Why Your Child Is Crying During Swim Lessons

Why Your Child Is Crying During Swim Lessons

Why Your Child Is Crying During Swim Lessons

 

Every parent hates when their child is crying. It is natural and inevitable that your child will cry from time to time. Crying is healthy. During swim lessons, especially in the beginning, children are more prone to cry. This is not unusual at all. There are multiple reasons as to why your child is crying during swim lessons. A few situations where a child might cry are:

 

  • They have a fear of water and being in the water
  • They could have “stranger danger” and fear the swim instructor 
  • The child could be seeking the attention of the parent (for various reasons)
  • Small children, especially infant babies have separation anxiety issues while away from their parent
  • The child could be trying to “take control” of the situation 
  • The child could feel “challenged” to step out of their comfort zone
  • Children are weary in new environments, a pool is a new setting for infants and offers new stimulation to the child through water that they are unfamiliar with.

 

We, at InstaSwim, have gathered together tips on what you as a parent should do if your child cries during a swim lesson. 

 

 

1. Be patient.

 

This is one of the most important things you can do as the adult. Water is a scary place for infants, toddlers and even older children. It takes time for them to become comfortable in the water. Fear of water is totally normal. While staying calm and remaining patient, you and the swim instructor can work together to figure out what triggered the problem.

 

Your child needs to know that it is okay to be scared. There is no rush or finish line. This approach will work and assure your child that when they are ready they can start again.

 

2. Make your child comfortable

 

As the parent, you should do everything you can before the swim lessons to make your child feel relaxed and ready for what is ahead of them.

 

An example of how you can do this is to bring up the lesson, what will happen during the lesson and the swim instructor who will be teaching your child.

 

It is important for your child to build a bond with the instructor, thus, talking about the instructor and displaying excitement will make your child feel more comfortable with the instructor during the lesson. 

 

3. Maintain a healthy distance

 

During your child’s swim lesson, it is important to be of range to where they can see you, but far enough away to where their full attention is with the swim instructor. Swim instructors are trained to use patience and compassion when dealing with children of all ages.

 

This, combined with the distance of the parent, will instill to your child that YOU as the parent, trust the instructor, which will make them less nervous being around a new person. 

 

4. Offer support

 

Even though you are maintaining a healthy distance during the swim lesson, it is important to show support to your child when they perform well or even if there is a move they can’t seem to lock down.

 

A few gestures you can do to show your child you are encouraging them are thumbs up, waves, smiles and clapping! 

 

5. Practice outside of the pool

 

Incorporating swim skills while your baby, toddler or small child is taking a bath is a great tool to ease them into swimming and prepare them for larger bodies of water.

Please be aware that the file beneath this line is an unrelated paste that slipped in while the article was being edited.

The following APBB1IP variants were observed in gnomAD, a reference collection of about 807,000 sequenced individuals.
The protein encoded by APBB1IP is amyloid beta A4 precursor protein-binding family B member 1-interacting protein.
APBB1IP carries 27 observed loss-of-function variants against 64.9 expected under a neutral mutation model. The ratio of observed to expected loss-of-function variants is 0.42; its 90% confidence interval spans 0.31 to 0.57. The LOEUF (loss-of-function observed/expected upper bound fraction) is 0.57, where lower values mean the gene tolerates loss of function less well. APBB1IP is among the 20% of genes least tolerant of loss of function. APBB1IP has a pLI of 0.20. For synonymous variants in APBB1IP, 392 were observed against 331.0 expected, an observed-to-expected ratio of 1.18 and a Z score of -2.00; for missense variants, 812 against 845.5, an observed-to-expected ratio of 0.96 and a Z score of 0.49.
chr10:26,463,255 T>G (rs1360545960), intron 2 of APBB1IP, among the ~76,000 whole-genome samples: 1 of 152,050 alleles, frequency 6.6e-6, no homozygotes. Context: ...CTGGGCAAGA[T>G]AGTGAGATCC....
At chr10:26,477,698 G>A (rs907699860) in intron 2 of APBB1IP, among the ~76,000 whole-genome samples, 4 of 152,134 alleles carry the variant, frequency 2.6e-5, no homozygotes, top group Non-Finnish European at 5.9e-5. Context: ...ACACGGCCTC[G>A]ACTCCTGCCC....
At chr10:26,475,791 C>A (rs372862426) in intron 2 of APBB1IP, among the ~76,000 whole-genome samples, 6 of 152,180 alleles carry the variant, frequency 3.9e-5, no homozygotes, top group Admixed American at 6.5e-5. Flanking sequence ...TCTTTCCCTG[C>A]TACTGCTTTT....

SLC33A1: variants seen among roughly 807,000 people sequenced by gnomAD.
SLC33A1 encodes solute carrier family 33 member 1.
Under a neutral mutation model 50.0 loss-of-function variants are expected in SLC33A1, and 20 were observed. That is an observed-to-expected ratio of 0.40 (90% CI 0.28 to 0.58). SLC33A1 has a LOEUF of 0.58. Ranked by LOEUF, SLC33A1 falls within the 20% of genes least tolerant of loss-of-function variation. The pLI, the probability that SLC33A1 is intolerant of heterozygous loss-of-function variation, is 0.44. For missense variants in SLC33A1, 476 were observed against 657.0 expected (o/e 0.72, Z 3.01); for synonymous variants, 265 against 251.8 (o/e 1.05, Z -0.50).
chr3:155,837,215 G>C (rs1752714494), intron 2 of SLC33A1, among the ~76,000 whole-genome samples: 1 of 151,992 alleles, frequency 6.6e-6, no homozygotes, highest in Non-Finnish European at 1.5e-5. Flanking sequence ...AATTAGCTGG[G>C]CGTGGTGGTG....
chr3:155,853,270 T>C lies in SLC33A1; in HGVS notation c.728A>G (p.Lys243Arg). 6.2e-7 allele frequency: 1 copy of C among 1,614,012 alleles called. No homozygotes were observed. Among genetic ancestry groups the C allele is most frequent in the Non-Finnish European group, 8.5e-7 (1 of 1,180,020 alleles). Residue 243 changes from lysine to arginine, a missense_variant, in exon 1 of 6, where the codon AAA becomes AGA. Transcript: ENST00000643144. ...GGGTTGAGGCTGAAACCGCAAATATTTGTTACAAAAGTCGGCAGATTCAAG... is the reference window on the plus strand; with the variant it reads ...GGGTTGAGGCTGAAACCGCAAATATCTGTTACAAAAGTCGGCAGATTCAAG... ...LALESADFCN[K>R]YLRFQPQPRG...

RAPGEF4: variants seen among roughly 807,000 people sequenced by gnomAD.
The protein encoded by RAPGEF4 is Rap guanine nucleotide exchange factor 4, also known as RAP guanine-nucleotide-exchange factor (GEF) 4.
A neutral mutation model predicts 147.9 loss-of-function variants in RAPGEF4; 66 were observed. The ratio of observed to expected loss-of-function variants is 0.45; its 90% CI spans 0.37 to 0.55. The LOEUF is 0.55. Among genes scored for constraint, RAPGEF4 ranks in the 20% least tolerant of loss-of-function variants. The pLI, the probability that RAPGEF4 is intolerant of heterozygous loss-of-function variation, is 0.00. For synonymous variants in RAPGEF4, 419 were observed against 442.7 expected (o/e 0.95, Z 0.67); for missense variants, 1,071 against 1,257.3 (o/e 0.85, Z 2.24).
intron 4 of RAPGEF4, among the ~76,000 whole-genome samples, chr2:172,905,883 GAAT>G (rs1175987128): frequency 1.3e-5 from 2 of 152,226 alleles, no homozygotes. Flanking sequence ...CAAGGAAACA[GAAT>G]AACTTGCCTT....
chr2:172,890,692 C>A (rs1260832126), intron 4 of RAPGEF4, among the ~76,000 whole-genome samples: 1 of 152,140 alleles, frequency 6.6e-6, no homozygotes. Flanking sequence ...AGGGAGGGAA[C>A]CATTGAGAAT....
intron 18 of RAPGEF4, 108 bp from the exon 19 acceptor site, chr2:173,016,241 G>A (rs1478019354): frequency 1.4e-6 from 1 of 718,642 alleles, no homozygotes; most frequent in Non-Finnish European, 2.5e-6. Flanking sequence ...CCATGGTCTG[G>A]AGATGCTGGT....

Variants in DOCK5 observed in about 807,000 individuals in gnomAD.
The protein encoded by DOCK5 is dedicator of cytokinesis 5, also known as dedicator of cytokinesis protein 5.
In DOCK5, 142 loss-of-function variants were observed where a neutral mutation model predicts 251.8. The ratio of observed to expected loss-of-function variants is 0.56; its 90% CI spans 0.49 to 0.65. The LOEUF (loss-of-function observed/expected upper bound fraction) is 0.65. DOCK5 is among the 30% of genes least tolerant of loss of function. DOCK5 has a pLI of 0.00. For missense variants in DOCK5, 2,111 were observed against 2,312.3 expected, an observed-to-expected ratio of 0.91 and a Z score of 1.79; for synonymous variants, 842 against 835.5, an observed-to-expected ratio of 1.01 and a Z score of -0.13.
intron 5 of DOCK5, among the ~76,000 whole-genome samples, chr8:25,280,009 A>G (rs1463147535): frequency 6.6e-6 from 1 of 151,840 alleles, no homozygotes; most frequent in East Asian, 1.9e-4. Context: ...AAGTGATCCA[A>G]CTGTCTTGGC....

Swim techniques you can practice in the bathtub are floating, blowing bubbles or putting their face in the water for a few seconds.

 

This may seem strange but familiarity and consistency go a long way, not just with swimming but with any physical activity. 

 

6. Let your child have a say

 

Making your child feel included in the process is another great way to have them excited before the lesson. An example of how you can do this is to let them choose their swim gear. Children are natural creatives and allowing them to pick out their swim attire will have them thrilled to not only put on the outfit, but also will take away some of their nerves beforehand.

 

  • Let the instructor work. Our instructors are trained and have years of experience teaching children to swim. Even if it may seem difficult to place trust or see your child crying, it is important not to directly involve yourself as the parent.It is a natural instinct for parents to rush to their child and provide sympathy. In most situations if you rush to comfort your child, the child will either escalate in their crying or refuse to continue with the lesson.

 

  • Be persistent. If the crying continues for more than one lesson, do not give up! Your child needs to feel secure and become comfortable with a routine. Delaying or avoiding swim lessons because of your child crying can make the problem much bigger than it is. 

 

As mentioned above, these are just a few ways that you can help if your child is crying during a swim lesson. It can be extremely stressful for a first-time parent when your child starts out in swim lessons. Infants and small children communicate their needs and problems through crying.

 

Recognizing that this will almost always occur is the first step you can take as the parent. Communication is the main key to putting both the child and the parent at ease in the water.

 

At InstaSwim, our instructors will always share vital information with the parent while maintaining the perfect learning environment for your child.

 

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